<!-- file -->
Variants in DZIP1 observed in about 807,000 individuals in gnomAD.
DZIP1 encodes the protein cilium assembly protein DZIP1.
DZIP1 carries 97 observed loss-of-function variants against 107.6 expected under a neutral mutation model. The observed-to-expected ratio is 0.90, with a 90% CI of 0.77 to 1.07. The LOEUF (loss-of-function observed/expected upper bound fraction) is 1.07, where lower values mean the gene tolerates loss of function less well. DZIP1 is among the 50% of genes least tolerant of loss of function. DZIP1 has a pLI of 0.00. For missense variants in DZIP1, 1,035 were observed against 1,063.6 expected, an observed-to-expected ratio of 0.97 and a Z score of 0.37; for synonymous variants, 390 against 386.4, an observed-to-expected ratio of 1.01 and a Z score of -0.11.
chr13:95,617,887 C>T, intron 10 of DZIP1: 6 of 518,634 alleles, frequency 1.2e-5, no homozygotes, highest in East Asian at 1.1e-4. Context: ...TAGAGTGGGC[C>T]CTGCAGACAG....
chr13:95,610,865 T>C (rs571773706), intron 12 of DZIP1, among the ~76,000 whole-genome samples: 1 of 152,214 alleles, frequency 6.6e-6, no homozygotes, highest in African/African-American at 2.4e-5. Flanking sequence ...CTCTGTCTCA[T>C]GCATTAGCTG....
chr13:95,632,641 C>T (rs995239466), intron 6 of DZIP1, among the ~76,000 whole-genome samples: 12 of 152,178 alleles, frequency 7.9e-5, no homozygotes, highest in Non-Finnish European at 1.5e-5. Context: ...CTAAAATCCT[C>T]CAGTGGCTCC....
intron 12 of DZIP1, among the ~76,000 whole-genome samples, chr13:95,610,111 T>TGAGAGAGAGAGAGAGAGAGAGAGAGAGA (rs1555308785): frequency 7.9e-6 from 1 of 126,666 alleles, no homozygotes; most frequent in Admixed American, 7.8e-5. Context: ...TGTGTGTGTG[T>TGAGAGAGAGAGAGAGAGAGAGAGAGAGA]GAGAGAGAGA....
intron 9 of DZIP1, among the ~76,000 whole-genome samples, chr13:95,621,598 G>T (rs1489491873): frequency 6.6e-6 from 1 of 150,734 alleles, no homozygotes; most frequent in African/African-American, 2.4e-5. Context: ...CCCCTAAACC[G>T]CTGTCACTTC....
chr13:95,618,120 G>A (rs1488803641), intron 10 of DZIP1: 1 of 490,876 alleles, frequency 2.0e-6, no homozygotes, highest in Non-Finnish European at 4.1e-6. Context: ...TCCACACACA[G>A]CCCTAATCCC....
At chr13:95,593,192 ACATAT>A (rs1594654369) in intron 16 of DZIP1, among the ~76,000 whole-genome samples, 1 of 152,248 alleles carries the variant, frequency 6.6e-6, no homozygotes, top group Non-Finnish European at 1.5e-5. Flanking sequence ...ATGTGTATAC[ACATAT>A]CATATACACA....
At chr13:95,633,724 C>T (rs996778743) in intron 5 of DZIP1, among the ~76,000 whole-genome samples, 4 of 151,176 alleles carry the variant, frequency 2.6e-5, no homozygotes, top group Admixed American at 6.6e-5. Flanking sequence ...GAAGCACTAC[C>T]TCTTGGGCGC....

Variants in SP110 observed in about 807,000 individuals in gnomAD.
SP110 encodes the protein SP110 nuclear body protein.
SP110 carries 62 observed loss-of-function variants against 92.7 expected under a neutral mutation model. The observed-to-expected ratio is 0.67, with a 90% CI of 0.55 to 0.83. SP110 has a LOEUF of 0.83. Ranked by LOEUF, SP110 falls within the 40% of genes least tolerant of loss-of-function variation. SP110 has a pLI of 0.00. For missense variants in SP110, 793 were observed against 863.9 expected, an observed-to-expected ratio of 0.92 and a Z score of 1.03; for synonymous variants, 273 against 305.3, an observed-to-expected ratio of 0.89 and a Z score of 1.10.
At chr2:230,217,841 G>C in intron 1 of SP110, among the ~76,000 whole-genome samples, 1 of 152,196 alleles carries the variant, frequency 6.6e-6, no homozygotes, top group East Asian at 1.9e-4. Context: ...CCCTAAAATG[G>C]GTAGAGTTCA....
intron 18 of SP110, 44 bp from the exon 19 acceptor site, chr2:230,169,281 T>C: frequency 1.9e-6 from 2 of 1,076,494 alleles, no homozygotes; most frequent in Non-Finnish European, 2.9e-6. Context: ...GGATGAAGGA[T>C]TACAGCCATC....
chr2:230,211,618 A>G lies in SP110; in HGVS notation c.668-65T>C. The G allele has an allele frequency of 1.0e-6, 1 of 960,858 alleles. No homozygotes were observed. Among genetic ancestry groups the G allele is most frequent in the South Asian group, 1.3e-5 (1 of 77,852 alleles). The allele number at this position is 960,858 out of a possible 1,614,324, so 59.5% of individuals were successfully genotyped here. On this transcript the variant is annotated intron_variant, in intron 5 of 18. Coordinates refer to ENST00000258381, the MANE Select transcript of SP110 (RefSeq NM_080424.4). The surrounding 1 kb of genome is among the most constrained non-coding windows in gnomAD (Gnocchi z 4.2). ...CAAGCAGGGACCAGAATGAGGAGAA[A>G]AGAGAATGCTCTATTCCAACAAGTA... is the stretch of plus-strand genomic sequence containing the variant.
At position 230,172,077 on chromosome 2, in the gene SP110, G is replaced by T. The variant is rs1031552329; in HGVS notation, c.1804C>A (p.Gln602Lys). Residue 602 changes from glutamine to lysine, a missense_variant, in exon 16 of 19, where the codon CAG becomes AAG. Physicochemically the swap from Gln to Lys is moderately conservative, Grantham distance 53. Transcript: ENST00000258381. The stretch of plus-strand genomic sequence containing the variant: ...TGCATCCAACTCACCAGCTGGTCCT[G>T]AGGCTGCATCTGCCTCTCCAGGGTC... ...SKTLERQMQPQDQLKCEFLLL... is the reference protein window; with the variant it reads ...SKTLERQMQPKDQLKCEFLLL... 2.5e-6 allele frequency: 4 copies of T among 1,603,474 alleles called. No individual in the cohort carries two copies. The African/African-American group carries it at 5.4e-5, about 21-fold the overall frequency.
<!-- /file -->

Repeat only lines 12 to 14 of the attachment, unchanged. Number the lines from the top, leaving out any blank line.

Variants in SP110 observed in about 807,000 individuals in gnomAD.
SP110 encodes the protein SP110 nuclear body protein.
SP110 carries 62 observed loss-of-function variants against 92.7 expected under a neutral mutation model. The observed-to-expected ratio is 0.67, with a 90% CI of 0.55 to 0.83. SP110 has a LOEUF of 0.83. Ranked by LOEUF, SP110 falls within the 40% of genes least tolerant of loss-of-function variation. SP110 has a pLI of 0.00. For missense variants in SP110, 793 were observed against 863.9 expected, an observed-to-expected ratio of 0.92 and a Z score of 1.03; for synonymous variants, 273 against 305.3, an observed-to-expected ratio of 0.89 and a Z score of 1.10.